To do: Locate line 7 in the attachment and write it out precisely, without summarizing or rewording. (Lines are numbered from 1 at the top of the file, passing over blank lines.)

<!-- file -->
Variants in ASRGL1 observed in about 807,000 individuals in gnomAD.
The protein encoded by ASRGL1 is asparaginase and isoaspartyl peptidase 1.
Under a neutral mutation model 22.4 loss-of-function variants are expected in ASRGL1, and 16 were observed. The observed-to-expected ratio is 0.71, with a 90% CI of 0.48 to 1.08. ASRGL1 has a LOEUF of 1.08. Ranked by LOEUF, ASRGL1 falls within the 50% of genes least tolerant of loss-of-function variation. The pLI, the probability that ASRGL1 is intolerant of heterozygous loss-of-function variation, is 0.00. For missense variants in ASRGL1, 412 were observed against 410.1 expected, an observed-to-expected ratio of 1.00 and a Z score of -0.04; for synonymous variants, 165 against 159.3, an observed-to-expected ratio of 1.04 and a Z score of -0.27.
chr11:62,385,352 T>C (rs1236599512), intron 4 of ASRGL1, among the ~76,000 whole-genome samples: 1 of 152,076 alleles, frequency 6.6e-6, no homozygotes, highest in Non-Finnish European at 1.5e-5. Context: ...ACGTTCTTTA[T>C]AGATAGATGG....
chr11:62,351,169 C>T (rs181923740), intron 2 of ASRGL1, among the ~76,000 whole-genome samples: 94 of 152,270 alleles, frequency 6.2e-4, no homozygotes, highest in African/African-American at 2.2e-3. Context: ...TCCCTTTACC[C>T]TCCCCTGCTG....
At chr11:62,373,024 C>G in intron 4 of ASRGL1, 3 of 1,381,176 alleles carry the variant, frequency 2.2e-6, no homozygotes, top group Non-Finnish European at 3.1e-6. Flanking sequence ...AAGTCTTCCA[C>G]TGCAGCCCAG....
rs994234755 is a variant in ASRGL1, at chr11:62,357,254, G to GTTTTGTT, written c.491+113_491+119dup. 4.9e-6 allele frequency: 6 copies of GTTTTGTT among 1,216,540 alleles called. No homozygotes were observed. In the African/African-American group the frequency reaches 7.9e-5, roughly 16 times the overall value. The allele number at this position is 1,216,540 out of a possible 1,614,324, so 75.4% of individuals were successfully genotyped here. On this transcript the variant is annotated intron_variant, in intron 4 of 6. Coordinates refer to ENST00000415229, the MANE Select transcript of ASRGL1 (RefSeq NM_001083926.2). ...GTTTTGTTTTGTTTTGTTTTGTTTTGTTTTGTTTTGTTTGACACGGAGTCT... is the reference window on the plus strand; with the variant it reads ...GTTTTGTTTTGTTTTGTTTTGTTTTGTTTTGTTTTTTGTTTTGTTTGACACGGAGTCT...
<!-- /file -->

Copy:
rs994234755 is a variant in ASRGL1, at chr11:62,357,254, G to GTTTTGTT, written c.491+113_491+119dup. 4.9e-6 allele frequency: 6 copies of GTTTTGTT among 1,216,540 alleles called. No homozygotes were observed. In the African/African-American group the frequency reaches 7.9e-5, roughly 16 times the overall value. The allele number at this position is 1,216,540 out of a possible 1,614,324, so 75.4% of individuals were successfully genotyped here. On this transcript the variant is annotated intron_variant, in intron 4 of 6. Coordinates refer to ENST00000415229, the MANE Select transcript of ASRGL1 (RefSeq NM_001083926.2). ...GTTTTGTTTTGTTTTGTTTTGTTTTGTTTTGTTTTGTTTGACACGGAGTCT... is the reference window on the plus strand; with the variant it reads ...GTTTTGTTTTGTTTTGTTTTGTTTTGTTTTGTTTTTTGTTTTGTTTGACACGGAGTCT...